Viet Nam

In Viet Nam, culture’s role in development has been increasingly recognized in such key documents as the National Strategy for Cultural Development (2010-2020). The challenge is to ensure that the full range of culture’s benefits is considered and that culture is consistently mainstreamed as a defining and sustainable component in national development plans. The new wealth of data on culture and development, which resulted from implementing the CDIS, has made it possible to empirically illustrate culture’s multidimensional contribution to development and advocate for its greater integration in the national development agenda. In addition, the participative implementation process unveiled gaps in national statistics and monitoring systems, pointing the way to strengthening them and further reinforcing the knowledge base to inform national policies.

Culture matters in Viet Nam: CDIS indicators highlight Viet Nam’s culture sector’s potential for prosperity, while underlining certain obstacles in place that inhibit it from reaching its full potential.

The results suggest that there is a high level of appreciation for culture’s development potential amongst Vietnamese authorities, reflected by very positive results for the indicators on the normative, policy and institutional frameworks, civil society participation, and heritage sustainability  8 9 11 22 (0.81/1; 1/1; 0.95/1; 0.75/1), which suggest that the foundation for good cultural governance for development is in place. The outcome of such legislation, policies and mechanisms is already reflected by the majority of Vietnamese benefitting from the cultural right to an education 4 (0.76/1), as well as significant opportunities to explore arts and culture subjects in key formative years at school 6 (12%), and the comprehensive professional training opportunities in culture at the TVET and tertiary levels 7 (1/1). The impact of the government’s promotion of culture is also illustrated by the significant supply of domestic fiction productions on public TV (46.83% of broadcasting time of fiction programmes), which indirectly reflects publically supported opportunities for diffusion and exposure of cultural contents provided by local creators and cultural industries, as well as the culture sector’s important contribution to national production levels and the economy.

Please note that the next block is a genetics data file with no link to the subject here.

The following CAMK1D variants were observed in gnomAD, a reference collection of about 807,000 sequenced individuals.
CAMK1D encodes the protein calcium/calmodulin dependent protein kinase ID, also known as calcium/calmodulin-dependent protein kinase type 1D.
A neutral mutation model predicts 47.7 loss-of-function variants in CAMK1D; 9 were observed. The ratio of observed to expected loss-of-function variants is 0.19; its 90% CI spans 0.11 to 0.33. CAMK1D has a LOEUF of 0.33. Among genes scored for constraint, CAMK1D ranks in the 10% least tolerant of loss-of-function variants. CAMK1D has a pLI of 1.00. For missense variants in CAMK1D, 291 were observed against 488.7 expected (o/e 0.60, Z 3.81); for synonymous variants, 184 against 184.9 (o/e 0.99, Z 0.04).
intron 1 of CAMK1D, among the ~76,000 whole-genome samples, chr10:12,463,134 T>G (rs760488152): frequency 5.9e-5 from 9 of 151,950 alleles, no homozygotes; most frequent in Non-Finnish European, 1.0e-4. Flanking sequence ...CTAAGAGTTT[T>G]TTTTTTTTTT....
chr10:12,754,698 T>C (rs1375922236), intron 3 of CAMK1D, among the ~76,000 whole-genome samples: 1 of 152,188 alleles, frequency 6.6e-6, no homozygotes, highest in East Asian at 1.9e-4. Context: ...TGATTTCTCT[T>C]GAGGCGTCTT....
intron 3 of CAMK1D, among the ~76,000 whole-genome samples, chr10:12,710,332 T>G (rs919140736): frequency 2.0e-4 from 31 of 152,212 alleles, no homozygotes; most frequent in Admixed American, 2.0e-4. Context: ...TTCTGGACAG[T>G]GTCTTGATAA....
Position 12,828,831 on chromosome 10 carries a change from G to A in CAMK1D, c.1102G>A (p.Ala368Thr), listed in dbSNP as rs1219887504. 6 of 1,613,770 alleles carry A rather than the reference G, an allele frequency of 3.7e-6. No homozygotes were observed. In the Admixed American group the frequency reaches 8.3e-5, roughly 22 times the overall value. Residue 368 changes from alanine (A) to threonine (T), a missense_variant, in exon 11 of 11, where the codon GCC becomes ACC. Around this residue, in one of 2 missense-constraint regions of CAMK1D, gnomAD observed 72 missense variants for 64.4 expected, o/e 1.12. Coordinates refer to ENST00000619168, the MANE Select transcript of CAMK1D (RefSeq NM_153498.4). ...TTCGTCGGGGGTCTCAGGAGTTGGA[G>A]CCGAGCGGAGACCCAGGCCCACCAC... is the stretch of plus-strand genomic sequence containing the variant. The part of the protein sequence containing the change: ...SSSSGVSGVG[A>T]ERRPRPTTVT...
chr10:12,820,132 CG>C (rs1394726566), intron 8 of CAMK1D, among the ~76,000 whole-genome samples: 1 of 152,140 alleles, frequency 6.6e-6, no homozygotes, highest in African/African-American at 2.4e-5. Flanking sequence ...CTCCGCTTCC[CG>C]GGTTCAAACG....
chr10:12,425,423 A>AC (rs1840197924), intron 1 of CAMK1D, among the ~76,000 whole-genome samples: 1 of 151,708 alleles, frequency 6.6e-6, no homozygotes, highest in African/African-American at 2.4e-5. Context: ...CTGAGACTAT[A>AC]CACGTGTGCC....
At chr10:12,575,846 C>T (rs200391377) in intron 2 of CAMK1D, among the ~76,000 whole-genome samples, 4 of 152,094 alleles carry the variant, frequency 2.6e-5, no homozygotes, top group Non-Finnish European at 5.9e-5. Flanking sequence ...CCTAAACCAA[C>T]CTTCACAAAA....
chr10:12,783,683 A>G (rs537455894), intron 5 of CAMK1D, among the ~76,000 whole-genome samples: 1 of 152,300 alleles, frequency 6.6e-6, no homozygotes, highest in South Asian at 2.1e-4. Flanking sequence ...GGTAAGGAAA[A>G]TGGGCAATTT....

For culture to further contribute to development and social cohesion, persisting obstacles regarding the quality and distribution of cultural infrastructures may need to be addressed 10 (0.66/1), to not only favor increased participation and enjoyment in cultural activities, but through increased access, reinforce feelings of mutual understanding, tolerance and trust across culturally diverse groups 14 15 (57.13%; 52.1%).  Similarly, while international cultural diversity is already promoted through language programmes in schools, strengthening the promotion of multilingualism 5 (46.3%) by increasing exposure to local and regional languages may likewise promote cross-cultural understanding amongst the people of Viet Nam and improve minorities’ education and working opportunities.

Finally, to enhance culture’s impact on wellbeing, increased focus may need to be placed on culture’s role in improving gender equality for development, as well as targeted actions to address the freedoms of expression and self-determination. Indicators on the objective outputs and perceptions of gender equality suggest that new forward-looking legislation and objective outputs 17 (0.69/1) do not translate into subjective opinions regarding its importance for development 18 (53%). While Vietnamese individuals feel that they are free to say what they think and that they benefit from the freedom of self-determination 16 (6.7/10), other indicators suggest that enhancement of the freedom of expression 19 (16/100) is still possible and that additional support may be necessary to assure that such freedoms fuel dynamic cultural and creative industries and permit culture to be a medium of communication and satisfaction.